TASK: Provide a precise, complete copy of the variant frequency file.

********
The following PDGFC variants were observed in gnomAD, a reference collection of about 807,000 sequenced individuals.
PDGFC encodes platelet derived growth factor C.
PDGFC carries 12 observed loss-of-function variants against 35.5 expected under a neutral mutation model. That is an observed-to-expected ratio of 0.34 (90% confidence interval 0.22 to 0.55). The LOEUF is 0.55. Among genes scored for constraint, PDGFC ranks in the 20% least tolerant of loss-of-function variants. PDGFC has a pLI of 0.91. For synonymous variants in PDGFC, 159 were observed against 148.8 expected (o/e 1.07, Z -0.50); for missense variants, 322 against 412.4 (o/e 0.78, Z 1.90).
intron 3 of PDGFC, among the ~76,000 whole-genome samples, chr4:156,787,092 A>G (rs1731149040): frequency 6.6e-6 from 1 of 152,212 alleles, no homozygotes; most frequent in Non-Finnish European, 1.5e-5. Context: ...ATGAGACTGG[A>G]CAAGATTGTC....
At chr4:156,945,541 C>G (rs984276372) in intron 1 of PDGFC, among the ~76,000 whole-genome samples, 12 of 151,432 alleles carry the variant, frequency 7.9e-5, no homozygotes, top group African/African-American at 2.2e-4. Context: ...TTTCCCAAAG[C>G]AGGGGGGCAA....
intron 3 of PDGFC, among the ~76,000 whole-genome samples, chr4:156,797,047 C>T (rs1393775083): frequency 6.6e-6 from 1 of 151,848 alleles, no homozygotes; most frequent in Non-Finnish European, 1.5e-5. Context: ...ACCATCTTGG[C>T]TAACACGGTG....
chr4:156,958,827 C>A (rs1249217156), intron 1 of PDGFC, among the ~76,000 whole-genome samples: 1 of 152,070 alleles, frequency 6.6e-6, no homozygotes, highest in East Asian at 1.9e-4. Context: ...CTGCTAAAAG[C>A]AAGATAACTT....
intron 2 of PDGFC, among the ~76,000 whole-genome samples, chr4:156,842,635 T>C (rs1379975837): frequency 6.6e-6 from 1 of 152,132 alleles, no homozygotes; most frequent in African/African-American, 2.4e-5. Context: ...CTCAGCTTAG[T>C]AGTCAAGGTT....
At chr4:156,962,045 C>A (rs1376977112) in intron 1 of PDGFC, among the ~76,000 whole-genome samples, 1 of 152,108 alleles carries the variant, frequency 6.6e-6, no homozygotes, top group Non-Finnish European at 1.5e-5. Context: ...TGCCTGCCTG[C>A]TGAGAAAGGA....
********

The following PDGFC variants were observed in gnomAD, a reference collection of about 807,000 sequenced individuals.
PDGFC encodes platelet derived growth factor C.
PDGFC carries 12 observed loss-of-function variants against 35.5 expected under a neutral mutation model. That is an observed-to-expected ratio of 0.34 (90% confidence interval 0.22 to 0.55). The LOEUF is 0.55. Among genes scored for constraint, PDGFC ranks in the 20% least tolerant of loss-of-function variants. PDGFC has a pLI of 0.91. For synonymous variants in PDGFC, 159 were observed against 148.8 expected (o/e 1.07, Z -0.50); for missense variants, 322 against 412.4 (o/e 0.78, Z 1.90).
intron 3 of PDGFC, among the ~76,000 whole-genome samples, chr4:156,787,092 A>G (rs1731149040): frequency 6.6e-6 from 1 of 152,212 alleles, no homozygotes; most frequent in Non-Finnish European, 1.5e-5. Context: ...ATGAGACTGG[A>G]CAAGATTGTC....
At chr4:156,945,541 C>G (rs984276372) in intron 1 of PDGFC, among the ~76,000 whole-genome samples, 12 of 151,432 alleles carry the variant, frequency 7.9e-5, no homozygotes, top group African/African-American at 2.2e-4. Context: ...TTTCCCAAAG[C>G]AGGGGGGCAA....
intron 3 of PDGFC, among the ~76,000 whole-genome samples, chr4:156,797,047 C>T (rs1393775083): frequency 6.6e-6 from 1 of 151,848 alleles, no homozygotes; most frequent in Non-Finnish European, 1.5e-5. Context: ...ACCATCTTGG[C>T]TAACACGGTG....
chr4:156,958,827 C>A (rs1249217156), intron 1 of PDGFC, among the ~76,000 whole-genome samples: 1 of 152,070 alleles, frequency 6.6e-6, no homozygotes, highest in East Asian at 1.9e-4. Context: ...CTGCTAAAAG[C>A]AAGATAACTT....
intron 2 of PDGFC, among the ~76,000 whole-genome samples, chr4:156,842,635 T>C (rs1379975837): frequency 6.6e-6 from 1 of 152,132 alleles, no homozygotes; most frequent in African/African-American, 2.4e-5. Context: ...CTCAGCTTAG[T>C]AGTCAAGGTT....
At chr4:156,962,045 C>A (rs1376977112) in intron 1 of PDGFC, among the ~76,000 whole-genome samples, 1 of 152,108 alleles carries the variant, frequency 6.6e-6, no homozygotes, top group Non-Finnish European at 1.5e-5. Context: ...TGCCTGCCTG[C>A]TGAGAAAGGA....